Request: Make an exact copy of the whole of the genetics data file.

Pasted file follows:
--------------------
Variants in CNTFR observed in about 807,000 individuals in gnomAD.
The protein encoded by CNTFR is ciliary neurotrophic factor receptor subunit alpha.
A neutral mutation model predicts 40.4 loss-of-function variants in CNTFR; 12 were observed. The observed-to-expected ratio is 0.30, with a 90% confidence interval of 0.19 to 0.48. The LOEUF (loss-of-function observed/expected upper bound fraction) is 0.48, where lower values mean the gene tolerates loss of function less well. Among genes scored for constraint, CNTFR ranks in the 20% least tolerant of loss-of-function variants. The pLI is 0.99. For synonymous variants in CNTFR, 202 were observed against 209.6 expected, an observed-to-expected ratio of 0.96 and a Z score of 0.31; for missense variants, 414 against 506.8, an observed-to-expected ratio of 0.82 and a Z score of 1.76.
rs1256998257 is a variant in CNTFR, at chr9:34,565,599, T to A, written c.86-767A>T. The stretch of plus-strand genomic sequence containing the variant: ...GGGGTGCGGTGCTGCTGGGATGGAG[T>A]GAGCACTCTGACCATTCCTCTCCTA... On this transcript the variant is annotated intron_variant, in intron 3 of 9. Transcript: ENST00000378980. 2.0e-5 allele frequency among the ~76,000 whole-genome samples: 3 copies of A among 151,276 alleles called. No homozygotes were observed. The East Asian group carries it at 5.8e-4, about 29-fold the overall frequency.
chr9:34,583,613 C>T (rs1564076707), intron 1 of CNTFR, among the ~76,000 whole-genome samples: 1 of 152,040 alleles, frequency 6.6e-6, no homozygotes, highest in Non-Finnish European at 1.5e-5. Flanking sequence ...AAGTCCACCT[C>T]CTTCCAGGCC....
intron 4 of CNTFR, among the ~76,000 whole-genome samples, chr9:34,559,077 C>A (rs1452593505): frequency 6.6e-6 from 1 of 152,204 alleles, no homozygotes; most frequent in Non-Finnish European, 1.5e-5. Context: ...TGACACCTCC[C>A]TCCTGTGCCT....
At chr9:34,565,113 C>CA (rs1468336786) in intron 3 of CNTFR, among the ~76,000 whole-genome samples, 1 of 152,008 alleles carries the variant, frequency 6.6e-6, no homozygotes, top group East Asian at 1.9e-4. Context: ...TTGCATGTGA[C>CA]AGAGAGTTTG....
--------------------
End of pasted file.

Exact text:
Variants in CNTFR observed in about 807,000 individuals in gnomAD.
The protein encoded by CNTFR is ciliary neurotrophic factor receptor subunit alpha.
A neutral mutation model predicts 40.4 loss-of-function variants in CNTFR; 12 were observed. The observed-to-expected ratio is 0.30, with a 90% confidence interval of 0.19 to 0.48. The LOEUF (loss-of-function observed/expected upper bound fraction) is 0.48, where lower values mean the gene tolerates loss of function less well. Among genes scored for constraint, CNTFR ranks in the 20% least tolerant of loss-of-function variants. The pLI is 0.99. For synonymous variants in CNTFR, 202 were observed against 209.6 expected, an observed-to-expected ratio of 0.96 and a Z score of 0.31; for missense variants, 414 against 506.8, an observed-to-expected ratio of 0.82 and a Z score of 1.76.
rs1256998257 is a variant in CNTFR, at chr9:34,565,599, T to A, written c.86-767A>T. The stretch of plus-strand genomic sequence containing the variant: ...GGGGTGCGGTGCTGCTGGGATGGAG[T>A]GAGCACTCTGACCATTCCTCTCCTA... On this transcript the variant is annotated intron_variant, in intron 3 of 9. Transcript: ENST00000378980. 2.0e-5 allele frequency among the ~76,000 whole-genome samples: 3 copies of A among 151,276 alleles called. No homozygotes were observed. The East Asian group carries it at 5.8e-4, about 29-fold the overall frequency.
chr9:34,583,613 C>T (rs1564076707), intron 1 of CNTFR, among the ~76,000 whole-genome samples: 1 of 152,040 alleles, frequency 6.6e-6, no homozygotes, highest in Non-Finnish European at 1.5e-5. Flanking sequence ...AAGTCCACCT[C>T]CTTCCAGGCC....
intron 4 of CNTFR, among the ~76,000 whole-genome samples, chr9:34,559,077 C>A (rs1452593505): frequency 6.6e-6 from 1 of 152,204 alleles, no homozygotes; most frequent in Non-Finnish European, 1.5e-5. Context: ...TGACACCTCC[C>A]TCCTGTGCCT....
At chr9:34,565,113 C>CA (rs1468336786) in intron 3 of CNTFR, among the ~76,000 whole-genome samples, 1 of 152,008 alleles carries the variant, frequency 6.6e-6, no homozygotes, top group East Asian at 1.9e-4. Context: ...TTGCATGTGA[C>CA]AGAGAGTTTG....